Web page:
The Hohman Appraisal Company has answers to "Frequently Asked Questions"

The Hohman Appraisal Company is willing to elaborate on any inquiries you might have about appraisals or real estate in Polk County. Contact us today to learn how we can help you with your specific valuation problems.

Define the term "Appraisal"
What does an appraiser do?
What would cause me to require a real estate appraisal?
How is an appraiser different than a home inspector?
What is the difference between an appraisal and a comparative market analysis (CMA)?
What does the appraisal report contain?
Once the appraisal has been completed, what assurance is there that the value conclusion is legitimate?
How difficult is it to become certified?
Who hires The Hohman Appraisal Company
Where does The Hohman Appraisal Company get the data used to estimate values in Polk County or other areas?
Why do I need a professional appraisal?
My mortgage statement has an item on it for PMI? Can I get rid of that?
Do you need anything from the homeowner in advance?
How does an appraiser define "Market Value"?
Once complete, who actually owns the appraisal report?
How can I get the most ROI out of home improvements?



Define the term "Appraisal"   (See list of FAQ's)

The appraisal process is an evaluation that produces an opinion of value. There are three "common approaches to value" which helps the real estate appraiser conclude this opinion or valuation. The Cost Approach is one of the methods that real estate appraisers use to find value; it involves figuring what the improvements would cost without physical deterioration, adding the land value. The Sales Comparison Approach involves searching for similar houses in close proximity and discerning value based on comparing those homes to the property in question. The Sales Comparison Approach is normally the most definitive and best indicator of a liklely sales price for a residence. One of the least common approaches in appraising homes is the Income Approach, which is generally used to figure the value of a property based on what an investor would pay based on the capital produced by the building.

What does an appraiser do?   (See list of FAQ's)

An appraiser produces a professional, unbiased assessment of market value, to be used in making real estate transactions. Appraisers summarize their professional findings in appraisal reports.


What would cause me to require a real estate appraisal?   (See list of FAQ's)

There are a lot of reasons to purchase an appraisal from The Hohman Appraisal Company with the most common reason being real estate and mortgage transactions. Some other reasons for ordering an appraisal report include:
  • If you are applying for a loan.
  • To lower your property taxes.
  • To show a homeowner has 30% equity and remove Primary Mortgage Insurance.
  • To contest high property taxes.
  • To handle an estate.
  • To give you a leg-up when purchasing real estate.
  • To find a likely price when selling real estate.
  • To ensure parties are provided just compensation in eminient domain cases.
  • Government agencies such as the IRS require an appraisal on every property.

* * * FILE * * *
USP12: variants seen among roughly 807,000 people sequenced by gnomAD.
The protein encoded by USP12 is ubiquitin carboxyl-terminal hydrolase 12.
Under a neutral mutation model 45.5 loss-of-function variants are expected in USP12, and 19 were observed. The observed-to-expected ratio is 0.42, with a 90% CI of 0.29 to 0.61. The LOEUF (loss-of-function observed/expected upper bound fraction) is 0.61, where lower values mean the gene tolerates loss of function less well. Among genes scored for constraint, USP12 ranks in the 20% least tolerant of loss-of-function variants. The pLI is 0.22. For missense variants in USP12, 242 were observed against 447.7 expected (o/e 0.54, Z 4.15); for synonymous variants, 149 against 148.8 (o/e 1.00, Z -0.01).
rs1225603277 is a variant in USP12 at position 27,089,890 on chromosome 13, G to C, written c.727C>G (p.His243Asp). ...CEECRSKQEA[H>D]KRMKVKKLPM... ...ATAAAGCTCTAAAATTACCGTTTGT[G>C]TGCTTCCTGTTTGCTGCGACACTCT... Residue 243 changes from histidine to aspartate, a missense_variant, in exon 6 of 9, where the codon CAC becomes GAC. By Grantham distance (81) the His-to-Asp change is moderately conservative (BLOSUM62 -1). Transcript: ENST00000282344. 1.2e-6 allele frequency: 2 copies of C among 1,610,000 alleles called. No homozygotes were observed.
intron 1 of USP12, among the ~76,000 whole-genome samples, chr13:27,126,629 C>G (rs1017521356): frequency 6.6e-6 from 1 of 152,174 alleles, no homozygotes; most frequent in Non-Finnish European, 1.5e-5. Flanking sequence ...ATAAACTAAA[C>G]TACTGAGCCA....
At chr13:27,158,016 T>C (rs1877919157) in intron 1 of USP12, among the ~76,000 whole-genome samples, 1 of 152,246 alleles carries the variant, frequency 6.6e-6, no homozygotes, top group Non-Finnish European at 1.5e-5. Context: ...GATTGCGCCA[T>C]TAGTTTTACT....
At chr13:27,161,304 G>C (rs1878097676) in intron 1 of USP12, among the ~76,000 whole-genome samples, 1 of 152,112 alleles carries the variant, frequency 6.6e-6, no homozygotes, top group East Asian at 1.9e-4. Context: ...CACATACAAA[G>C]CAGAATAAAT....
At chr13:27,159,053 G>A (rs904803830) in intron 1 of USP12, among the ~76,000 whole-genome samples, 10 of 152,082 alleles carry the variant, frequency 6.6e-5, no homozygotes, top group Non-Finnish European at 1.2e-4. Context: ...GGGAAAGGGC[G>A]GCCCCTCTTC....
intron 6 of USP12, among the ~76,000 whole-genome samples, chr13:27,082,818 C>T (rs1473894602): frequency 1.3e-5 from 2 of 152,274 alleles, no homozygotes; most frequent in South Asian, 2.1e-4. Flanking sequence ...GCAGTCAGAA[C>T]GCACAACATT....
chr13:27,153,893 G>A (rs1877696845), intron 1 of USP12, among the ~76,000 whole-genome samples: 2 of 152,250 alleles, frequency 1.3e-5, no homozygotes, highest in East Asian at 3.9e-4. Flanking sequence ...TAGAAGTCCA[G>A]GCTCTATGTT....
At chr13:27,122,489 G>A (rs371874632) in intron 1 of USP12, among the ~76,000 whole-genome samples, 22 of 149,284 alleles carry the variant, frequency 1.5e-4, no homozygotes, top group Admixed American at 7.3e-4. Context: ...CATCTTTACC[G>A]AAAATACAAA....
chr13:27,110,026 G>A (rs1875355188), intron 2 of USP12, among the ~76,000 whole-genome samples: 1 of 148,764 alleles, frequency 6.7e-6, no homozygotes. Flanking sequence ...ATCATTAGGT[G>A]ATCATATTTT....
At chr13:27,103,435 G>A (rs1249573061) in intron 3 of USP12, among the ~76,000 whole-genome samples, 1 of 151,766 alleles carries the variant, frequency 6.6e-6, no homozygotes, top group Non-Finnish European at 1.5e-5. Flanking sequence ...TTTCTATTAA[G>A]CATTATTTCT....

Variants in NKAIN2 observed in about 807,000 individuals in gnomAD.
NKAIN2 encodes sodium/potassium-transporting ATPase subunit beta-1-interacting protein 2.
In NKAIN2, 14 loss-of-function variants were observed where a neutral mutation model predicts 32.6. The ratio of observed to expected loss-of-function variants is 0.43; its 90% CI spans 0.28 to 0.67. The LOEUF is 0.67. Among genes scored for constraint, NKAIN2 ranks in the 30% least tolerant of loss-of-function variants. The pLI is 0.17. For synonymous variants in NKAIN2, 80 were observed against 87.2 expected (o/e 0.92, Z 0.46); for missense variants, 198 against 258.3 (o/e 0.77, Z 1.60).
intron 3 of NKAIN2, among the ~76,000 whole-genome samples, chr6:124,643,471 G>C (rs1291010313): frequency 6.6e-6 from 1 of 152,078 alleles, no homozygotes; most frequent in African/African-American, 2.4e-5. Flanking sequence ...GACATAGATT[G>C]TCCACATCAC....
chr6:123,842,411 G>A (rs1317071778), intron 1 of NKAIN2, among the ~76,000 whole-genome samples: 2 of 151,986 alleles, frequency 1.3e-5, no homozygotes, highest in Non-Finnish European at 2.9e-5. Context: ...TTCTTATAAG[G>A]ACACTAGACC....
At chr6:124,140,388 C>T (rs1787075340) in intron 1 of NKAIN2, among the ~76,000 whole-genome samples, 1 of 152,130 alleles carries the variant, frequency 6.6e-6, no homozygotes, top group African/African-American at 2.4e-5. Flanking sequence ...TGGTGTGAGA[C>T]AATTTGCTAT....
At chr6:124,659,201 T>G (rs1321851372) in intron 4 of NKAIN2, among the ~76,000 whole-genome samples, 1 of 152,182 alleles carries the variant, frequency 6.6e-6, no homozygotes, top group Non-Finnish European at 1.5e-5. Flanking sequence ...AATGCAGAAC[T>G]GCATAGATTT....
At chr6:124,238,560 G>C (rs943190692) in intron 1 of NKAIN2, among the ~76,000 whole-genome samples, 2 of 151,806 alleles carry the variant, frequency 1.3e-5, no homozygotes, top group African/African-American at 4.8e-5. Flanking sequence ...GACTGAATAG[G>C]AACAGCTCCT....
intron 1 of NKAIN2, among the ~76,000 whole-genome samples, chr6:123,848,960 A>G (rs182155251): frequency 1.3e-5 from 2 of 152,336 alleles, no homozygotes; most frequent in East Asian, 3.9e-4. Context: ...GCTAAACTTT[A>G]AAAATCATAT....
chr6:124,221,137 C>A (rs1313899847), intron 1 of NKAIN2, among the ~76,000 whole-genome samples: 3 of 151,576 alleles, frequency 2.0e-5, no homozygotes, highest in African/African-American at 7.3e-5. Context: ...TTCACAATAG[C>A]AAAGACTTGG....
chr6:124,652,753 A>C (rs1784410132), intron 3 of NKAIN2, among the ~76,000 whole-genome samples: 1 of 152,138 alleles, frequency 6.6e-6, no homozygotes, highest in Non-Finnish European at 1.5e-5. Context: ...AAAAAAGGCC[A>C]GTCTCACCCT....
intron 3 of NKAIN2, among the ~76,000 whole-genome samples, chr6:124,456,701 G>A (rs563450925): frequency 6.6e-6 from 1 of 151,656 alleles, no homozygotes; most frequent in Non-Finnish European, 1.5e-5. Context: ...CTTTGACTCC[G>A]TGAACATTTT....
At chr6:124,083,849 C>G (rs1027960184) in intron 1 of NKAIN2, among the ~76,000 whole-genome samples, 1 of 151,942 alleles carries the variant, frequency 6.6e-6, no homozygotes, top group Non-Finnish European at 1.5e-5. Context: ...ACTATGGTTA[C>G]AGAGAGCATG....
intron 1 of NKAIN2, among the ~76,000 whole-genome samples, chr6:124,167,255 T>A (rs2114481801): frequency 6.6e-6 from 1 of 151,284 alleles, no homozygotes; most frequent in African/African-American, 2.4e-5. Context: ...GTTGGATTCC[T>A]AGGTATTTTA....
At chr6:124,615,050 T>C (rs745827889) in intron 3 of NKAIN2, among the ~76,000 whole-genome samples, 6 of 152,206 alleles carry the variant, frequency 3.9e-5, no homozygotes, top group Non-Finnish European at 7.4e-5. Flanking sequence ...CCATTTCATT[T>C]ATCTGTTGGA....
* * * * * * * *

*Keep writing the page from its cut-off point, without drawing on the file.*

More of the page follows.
• If you are ever involved in a lawsuit.
Click here for a more extensive explanation of the process of getting an appraisal.


How is an appraiser different than a home inspector?   (See list of FAQ's)

Home inspectors do not figure out an opinion of value and do not use the same forms as appraisers. An inspection is a third-party investigation of the accessible structure and mechanical systems of a home, from the top to the bottom. For the most part, a home inspection report will evaluate the amenities and the requirements of the house: air conditioning (weather permitting), electrical systems, the condition of the heating system, the plumbing; then the structural capacity of the home such as the attic, exposed insulation, walls, floors, ceilings, windows, then the foundation, basement and visible structures.

What is the difference between an appraisal and a comparative market analysis (CMA)?   (See list of FAQ's)

Honestly, they have nothing in common. What the CMA relies upon are ill-defined trends. Appraisals use comparable sales which are verifiable resources. Area and construction values are also important in an appraisal. All a CMA does is generate a "ball park figure." Being a documented and carefully investigated opinion of value, appraisals are defensible and stand up in legal situations.

But the most significant factor is the person doing the report. Real estate agents, who may not have a complete understanding of valuation methods or the entire market, write CMA's. A certified, state licensed professional who made their livelihood on valuing real estate in and around Polk County is behind the appraisal. Further, the appraiser is an independent voice, with no conditional interest in the property's value, unlike the real estate agent, who gets a commission based upon the value of the home.

What does the appraisal report contain?   (See list of FAQ's)

Every report should reflect a believable estimate of value and should clearly state the following:
  • Who engaged the appraiser and other intended users.
  • The intended use of the report.
  • The appraisal's purpose.
  • Precisely what "value" attribute is being reported and what that value means.
  • The effective date of the value opinion.(Sometimes this is in the past or maybe the future for new construction!)
  • Characteristics of the property that have a bearing on the value, including: location, physical description, legal attributes, economic factors, the property rights valued, and non-real estate items included in the appraisal, such as personal property, permanent equipment installations and even intangible items.
  • Any known easements, restrictions, encumbrances, leases, reservations, covenants, contracts, declarations, special assessments, ordinances, and other items of a similar nature.
  • Division of interest, such as fractional interest, physical segment and partial holding.
  • The scope of work used to complete the appraisal.
For a more detailed look at what goes into an appraisal report click here: Sample Appraisal Report


Once the appraisal has been completed, what assurance is there that the value conclusion is legitimate?   (See list of FAQ's)

In the documentation of an appraisal, each appraiser must make sure of the following:
  • That the information analysis contained in the appraisal was suitable.

  • Whether individually or collectively, there were no significant errors contained in the appraisal, nor any material details left out.

  • That appraisal services were not carried out in a careless or negligent fashion.

  • That a believable, supportable appraisal report was communicated.
There are intense education and real world experience requirements that must be met in order to get an appraisal license in Florida. In addition, appraisers must stick to a stringent industry code of ethics and observe national standards of practice for real estate appraisal. The rules for developing an appraisal and reporting its results are guaranteed by enforcement of the Uniform Standards of Professional Appraisal Practice (USPAP).